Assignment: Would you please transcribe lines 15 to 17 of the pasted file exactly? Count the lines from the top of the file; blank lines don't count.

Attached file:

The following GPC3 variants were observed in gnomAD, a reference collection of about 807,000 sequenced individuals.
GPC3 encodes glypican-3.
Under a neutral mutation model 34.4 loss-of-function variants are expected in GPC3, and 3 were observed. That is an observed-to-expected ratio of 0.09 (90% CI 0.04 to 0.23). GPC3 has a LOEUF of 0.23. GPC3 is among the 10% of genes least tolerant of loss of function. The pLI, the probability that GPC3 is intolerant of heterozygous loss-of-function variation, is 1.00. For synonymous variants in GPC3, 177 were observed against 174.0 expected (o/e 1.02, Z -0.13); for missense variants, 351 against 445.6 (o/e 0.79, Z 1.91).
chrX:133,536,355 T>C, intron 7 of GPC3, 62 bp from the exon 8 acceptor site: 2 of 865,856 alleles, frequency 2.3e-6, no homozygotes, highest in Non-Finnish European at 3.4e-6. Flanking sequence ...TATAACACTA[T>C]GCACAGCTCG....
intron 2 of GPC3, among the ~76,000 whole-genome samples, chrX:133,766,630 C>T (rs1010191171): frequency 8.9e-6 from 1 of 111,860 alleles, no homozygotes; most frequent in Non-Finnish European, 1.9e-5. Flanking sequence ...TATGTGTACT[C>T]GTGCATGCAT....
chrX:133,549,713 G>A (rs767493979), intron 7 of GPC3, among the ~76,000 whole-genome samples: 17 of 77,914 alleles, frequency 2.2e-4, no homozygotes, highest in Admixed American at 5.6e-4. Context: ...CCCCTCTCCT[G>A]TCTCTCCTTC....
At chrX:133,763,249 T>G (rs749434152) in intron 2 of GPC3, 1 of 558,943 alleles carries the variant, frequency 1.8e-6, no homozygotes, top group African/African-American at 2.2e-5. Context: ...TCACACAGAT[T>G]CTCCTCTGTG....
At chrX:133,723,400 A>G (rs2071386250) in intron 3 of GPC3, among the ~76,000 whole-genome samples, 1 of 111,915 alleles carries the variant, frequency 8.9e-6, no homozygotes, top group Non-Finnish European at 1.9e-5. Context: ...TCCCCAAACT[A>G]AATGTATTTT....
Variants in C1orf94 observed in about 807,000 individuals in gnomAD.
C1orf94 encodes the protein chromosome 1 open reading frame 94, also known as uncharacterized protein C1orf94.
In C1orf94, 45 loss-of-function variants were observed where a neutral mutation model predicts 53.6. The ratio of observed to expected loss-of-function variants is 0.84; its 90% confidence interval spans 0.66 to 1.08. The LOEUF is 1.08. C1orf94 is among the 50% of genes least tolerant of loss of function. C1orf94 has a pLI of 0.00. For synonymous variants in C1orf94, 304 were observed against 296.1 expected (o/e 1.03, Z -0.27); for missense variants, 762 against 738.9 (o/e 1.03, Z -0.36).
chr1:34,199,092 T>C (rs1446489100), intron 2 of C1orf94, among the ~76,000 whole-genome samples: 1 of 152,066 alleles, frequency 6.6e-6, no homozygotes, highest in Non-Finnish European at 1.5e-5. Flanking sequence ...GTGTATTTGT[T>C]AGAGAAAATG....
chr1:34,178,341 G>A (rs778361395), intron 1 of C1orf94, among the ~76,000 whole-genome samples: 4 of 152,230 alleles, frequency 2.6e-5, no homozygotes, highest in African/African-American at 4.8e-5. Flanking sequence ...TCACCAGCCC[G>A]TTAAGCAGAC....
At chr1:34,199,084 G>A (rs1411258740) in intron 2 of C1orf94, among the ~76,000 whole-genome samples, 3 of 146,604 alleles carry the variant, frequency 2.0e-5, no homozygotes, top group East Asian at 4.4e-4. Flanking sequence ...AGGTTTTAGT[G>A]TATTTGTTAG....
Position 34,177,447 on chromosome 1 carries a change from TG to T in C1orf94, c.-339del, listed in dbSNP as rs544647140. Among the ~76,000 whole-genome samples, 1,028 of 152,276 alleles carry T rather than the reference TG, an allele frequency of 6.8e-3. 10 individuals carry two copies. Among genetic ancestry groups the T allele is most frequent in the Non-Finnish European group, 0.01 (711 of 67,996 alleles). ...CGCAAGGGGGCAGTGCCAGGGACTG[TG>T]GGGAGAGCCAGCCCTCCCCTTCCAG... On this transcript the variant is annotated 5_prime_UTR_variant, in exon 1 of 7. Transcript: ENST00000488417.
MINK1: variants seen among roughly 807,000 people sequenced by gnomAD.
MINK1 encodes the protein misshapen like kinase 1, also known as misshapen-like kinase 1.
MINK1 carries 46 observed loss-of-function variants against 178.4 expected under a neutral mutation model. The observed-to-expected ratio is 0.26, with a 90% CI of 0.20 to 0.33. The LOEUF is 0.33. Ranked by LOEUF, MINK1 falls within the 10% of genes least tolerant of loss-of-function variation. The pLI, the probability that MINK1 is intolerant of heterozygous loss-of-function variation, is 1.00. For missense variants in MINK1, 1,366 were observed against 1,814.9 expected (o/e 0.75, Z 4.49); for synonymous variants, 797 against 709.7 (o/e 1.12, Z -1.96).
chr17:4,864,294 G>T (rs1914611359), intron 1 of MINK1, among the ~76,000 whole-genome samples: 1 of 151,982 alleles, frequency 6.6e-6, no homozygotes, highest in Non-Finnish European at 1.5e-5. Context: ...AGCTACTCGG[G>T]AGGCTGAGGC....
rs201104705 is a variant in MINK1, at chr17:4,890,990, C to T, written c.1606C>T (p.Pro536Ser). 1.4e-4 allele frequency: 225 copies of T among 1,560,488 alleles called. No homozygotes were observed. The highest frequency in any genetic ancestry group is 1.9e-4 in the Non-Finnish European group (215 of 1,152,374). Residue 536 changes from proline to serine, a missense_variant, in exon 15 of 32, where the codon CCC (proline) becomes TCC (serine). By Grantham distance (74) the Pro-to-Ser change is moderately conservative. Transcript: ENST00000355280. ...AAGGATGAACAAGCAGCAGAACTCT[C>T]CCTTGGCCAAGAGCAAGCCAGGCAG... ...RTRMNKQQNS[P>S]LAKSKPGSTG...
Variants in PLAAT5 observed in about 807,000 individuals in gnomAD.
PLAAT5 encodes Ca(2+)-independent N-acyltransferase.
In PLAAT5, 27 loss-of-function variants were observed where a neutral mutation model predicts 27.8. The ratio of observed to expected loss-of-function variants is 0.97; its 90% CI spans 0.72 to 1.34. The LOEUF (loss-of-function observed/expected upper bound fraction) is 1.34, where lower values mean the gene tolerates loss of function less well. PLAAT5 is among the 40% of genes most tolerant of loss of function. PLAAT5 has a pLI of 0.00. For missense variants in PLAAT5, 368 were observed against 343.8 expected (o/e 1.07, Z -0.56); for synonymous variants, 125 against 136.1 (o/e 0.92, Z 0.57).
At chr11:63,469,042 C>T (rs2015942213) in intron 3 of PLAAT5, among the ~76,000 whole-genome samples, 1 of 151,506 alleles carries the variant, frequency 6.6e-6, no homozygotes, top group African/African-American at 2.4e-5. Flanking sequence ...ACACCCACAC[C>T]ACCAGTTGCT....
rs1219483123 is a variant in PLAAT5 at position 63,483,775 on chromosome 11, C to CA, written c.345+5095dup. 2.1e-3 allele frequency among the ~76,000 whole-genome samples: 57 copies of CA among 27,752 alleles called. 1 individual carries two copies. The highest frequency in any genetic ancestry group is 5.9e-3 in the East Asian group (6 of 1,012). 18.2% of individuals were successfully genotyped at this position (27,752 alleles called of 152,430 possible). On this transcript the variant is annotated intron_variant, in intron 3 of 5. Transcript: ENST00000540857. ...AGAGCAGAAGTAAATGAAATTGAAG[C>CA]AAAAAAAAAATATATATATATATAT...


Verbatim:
Position 34,177,447 on chromosome 1 carries a change from TG to T in C1orf94, c.-339del, listed in dbSNP as rs544647140. Among the ~76,000 whole-genome samples, 1,028 of 152,276 alleles carry T rather than the reference TG, an allele frequency of 6.8e-3. 10 individuals carry two copies. Among genetic ancestry groups the T allele is most frequent in the Non-Finnish European group, 0.01 (711 of 67,996 alleles). ...CGCAAGGGGGCAGTGCCAGGGACTG[TG>T]GGGAGAGCCAGCCCTCCCCTTCCAG... On this transcript the variant is annotated 5_prime_UTR_variant, in exon 1 of 7. Transcript: ENST00000488417.
MINK1: variants seen among roughly 807,000 people sequenced by gnomAD.
MINK1 encodes the protein misshapen like kinase 1, also known as misshapen-like kinase 1.